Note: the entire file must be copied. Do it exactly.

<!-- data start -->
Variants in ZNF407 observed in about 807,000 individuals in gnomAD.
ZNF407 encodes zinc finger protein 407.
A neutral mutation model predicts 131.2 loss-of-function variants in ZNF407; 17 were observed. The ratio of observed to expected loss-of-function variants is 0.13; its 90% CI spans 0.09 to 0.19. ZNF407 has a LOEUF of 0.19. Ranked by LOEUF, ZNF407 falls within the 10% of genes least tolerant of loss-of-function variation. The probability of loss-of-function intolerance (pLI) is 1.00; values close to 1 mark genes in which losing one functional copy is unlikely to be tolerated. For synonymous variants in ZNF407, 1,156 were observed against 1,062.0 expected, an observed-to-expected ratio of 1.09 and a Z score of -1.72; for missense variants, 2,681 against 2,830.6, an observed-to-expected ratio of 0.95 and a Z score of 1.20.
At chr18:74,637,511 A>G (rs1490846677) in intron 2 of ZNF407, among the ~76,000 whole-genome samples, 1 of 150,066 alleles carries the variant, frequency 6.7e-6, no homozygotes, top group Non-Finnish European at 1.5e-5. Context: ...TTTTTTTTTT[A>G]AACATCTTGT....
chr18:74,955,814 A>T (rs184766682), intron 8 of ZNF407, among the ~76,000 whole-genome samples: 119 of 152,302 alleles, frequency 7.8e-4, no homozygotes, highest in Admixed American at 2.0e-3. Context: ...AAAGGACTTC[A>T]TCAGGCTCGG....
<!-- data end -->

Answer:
Variants in ZNF407 observed in about 807,000 individuals in gnomAD.
ZNF407 encodes zinc finger protein 407.
A neutral mutation model predicts 131.2 loss-of-function variants in ZNF407; 17 were observed. The ratio of observed to expected loss-of-function variants is 0.13; its 90% CI spans 0.09 to 0.19. ZNF407 has a LOEUF of 0.19. Ranked by LOEUF, ZNF407 falls within the 10% of genes least tolerant of loss-of-function variation. The probability of loss-of-function intolerance (pLI) is 1.00; values close to 1 mark genes in which losing one functional copy is unlikely to be tolerated. For synonymous variants in ZNF407, 1,156 were observed against 1,062.0 expected, an observed-to-expected ratio of 1.09 and a Z score of -1.72; for missense variants, 2,681 against 2,830.6, an observed-to-expected ratio of 0.95 and a Z score of 1.20.
At chr18:74,637,511 A>G (rs1490846677) in intron 2 of ZNF407, among the ~76,000 whole-genome samples, 1 of 150,066 alleles carries the variant, frequency 6.7e-6, no homozygotes, top group Non-Finnish European at 1.5e-5. Context: ...TTTTTTTTTT[A>G]AACATCTTGT....
chr18:74,955,814 A>T (rs184766682), intron 8 of ZNF407, among the ~76,000 whole-genome samples: 119 of 152,302 alleles, frequency 7.8e-4, no homozygotes, highest in Admixed American at 2.0e-3. Context: ...AAAGGACTTC[A>T]TCAGGCTCGG....